ישיבת כרם ביבנה

Yosef and Chanukah Lights

הרב ציון לוז

The sale of Yosef by his brothers must be explained as reflecting a deep-rooted ideological dispute between them. Yosef's brothers felt that his spiritual approach was liable to devastate the formation of the entire Am Yisrael, and the only way to prevent this catastrophe was by distancing Yosef from the House of Israel.

The destiny of Am Yisrael is not only its own spiritual perfection, but also rather its role as "ohr lagoyim," a light to the nations. "Nations will walk by your light, and kings by the brilliance of your shine." (Yeshaya 60:3) The brothers felt that this influence would come about passively. We will brighten and raise our spirit, and thereby the entire world will be illuminated. Attempting to enlighten the surrounding world through greater involvement constitutes a great danger. Although at the outset this attempt seems more effective, later on, "Ephraim (Yosef) will be intermingled with the nations." (Hoshea 7:8). This attempt will lead to spiritual destruction and assimilation. Rather, as Bilam declared about Am Yisrael, "Behold! It is a nation that will dwell in solitude." (Bamidbar 23:9)

The Hellenization that affected our nation in the generation of the Chashmonaim seems to have stemmed from an attempt to enlighten the "wisdom of Greece" with the light of Torah. People thought, through being equal in the external trappings we will be able to have a greater impact on the spiritual content. Let us dress like them, let us develop the body -- all for the purpose of instilling in the Hellenistic world a spiritual content of "Ohr Hashem - G-d's light." This approach led to Hellenization that captured a large part of our nation.

Yosef, in fact, held by this approach. "He was a youth -- He acted childish, dressing his hair and touching up his eyes so that he would appear good-looking." (Rashi, Bereishit 37:2) He maintained that our destiny, the destiny of Am Yisrael - to illuminate the entire world with the light of Hashem - will not be achieved through isolationism even in external matters. But, surprisingly, the danger that the brothers were concerned about did not transpire with Yosef. Just the opposite: "How great! My son Yosef still lives!" (Bereishit 45:28) "How great is the power of my son, Yosef, that he underwent many troubles, and he still upholds his righteousness." (Bereishit Rabbah 94:4) Not only did he preserve his own soul, but also he elevated the entire Egyptian nation. "He saw them immersed in immorality, arose and hedged them from incest." (Shir Hashirim Rabbah) Why was this? Because Yaakov educated Yosef with such a sturdy spiritual training that all the winds in the world cannot shake it. "Everything that he learned in the Beit Midrash of Shem and Ever he transmitted to him." The very same learning that Yaakov acquired when he left his father's house before heading to Lavan -- that very same learning that strengthens a person to stand before the danger of assimilation - that he taught to Yosef.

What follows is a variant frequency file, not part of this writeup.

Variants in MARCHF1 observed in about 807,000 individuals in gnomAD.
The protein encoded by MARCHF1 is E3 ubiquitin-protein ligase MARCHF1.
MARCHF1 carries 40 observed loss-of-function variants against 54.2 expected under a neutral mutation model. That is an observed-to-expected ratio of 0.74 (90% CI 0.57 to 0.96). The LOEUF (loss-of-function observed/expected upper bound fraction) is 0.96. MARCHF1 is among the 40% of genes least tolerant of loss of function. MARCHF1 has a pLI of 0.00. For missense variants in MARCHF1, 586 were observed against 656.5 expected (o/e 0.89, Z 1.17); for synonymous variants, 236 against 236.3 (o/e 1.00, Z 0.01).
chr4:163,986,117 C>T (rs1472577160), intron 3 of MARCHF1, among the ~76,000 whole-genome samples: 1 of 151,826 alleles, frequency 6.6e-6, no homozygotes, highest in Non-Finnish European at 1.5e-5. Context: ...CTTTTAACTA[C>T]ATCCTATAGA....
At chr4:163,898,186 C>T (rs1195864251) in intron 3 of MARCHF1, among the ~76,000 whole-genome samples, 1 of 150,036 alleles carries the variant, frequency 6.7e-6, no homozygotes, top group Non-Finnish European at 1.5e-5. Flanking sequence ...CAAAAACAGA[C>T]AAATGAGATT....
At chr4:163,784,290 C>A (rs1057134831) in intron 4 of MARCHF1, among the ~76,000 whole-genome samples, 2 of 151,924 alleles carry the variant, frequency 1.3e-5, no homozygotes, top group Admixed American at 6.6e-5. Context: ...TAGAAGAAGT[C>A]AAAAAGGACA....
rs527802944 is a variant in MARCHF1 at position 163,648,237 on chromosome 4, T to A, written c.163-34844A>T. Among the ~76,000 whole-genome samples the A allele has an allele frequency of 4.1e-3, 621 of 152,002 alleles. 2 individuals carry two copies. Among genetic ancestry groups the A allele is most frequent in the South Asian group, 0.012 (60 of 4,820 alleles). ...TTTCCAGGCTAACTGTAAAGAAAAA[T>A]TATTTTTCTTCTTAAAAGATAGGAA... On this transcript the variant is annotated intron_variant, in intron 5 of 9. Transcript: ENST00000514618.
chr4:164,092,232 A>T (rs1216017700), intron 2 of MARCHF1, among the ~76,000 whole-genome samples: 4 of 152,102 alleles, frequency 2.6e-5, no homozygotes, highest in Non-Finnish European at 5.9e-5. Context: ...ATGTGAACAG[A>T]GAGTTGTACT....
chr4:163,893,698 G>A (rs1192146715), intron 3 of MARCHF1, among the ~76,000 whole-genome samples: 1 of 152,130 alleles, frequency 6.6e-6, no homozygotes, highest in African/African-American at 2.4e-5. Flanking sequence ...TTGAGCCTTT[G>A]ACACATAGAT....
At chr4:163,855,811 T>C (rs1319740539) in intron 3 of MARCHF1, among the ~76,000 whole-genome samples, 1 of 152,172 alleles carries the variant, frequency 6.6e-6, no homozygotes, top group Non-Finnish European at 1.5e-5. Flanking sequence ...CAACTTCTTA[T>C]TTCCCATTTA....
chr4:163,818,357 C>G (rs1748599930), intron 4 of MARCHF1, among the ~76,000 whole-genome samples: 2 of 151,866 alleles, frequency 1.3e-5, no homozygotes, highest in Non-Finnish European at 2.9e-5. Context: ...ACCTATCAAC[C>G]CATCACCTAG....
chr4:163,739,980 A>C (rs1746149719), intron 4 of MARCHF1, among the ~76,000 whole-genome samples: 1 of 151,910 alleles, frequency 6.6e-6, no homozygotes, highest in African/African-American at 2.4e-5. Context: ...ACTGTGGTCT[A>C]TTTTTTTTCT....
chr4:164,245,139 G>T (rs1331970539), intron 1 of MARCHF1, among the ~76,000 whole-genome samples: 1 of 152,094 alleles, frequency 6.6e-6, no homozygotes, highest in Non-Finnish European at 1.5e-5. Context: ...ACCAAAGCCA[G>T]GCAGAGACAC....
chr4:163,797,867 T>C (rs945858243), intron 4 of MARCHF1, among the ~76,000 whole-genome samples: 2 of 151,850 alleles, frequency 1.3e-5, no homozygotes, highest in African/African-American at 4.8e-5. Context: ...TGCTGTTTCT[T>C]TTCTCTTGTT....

The danger that the brothers were concerned about is a real danger, but for someone whose spiritual construction and training is as sturdy as Yosef's - it does not exist.

When the Sages of Israel came to establish a remembrance for the miracle of Chanukah, they also defined the danger of Hellenization through the manner of lighting. "One lights it on the entrance of his house, outside." (Shabbat 21b) While our great destiny is to illuminate the public domain, one has to know that the public domain is lit only through the bright light that is in the internal house of each and every one. Moreover, "At a time of danger" - at a time that there exists a real danger of Hellenization, "one lights it on his table, and that is sufficient" - one illuminates the inner home only, and not the public domain.

This dispute between Yosef and his brothers takes place in our own generation, as well, between different circles. Again, we find that it is the brothers who condemn Yosef, and not the opposite, "Until the day breathes and the shadows flee." (Shir Hashirim 4:6) The approach of the Torah is that only when "Upon you Hashem will shine, and His glory will be seen over you," only then will it be possible to turn with this light to illuminate the public domain -- "Nations will walk by your light, and kings by the brilliance of your shine." (Yeshaya 60:2-3)

(Based on a combination of the words of Maran Rosh Hayeshiva zt"l in Asufat Maarachot and Rav Kook zt"l.)

 

 

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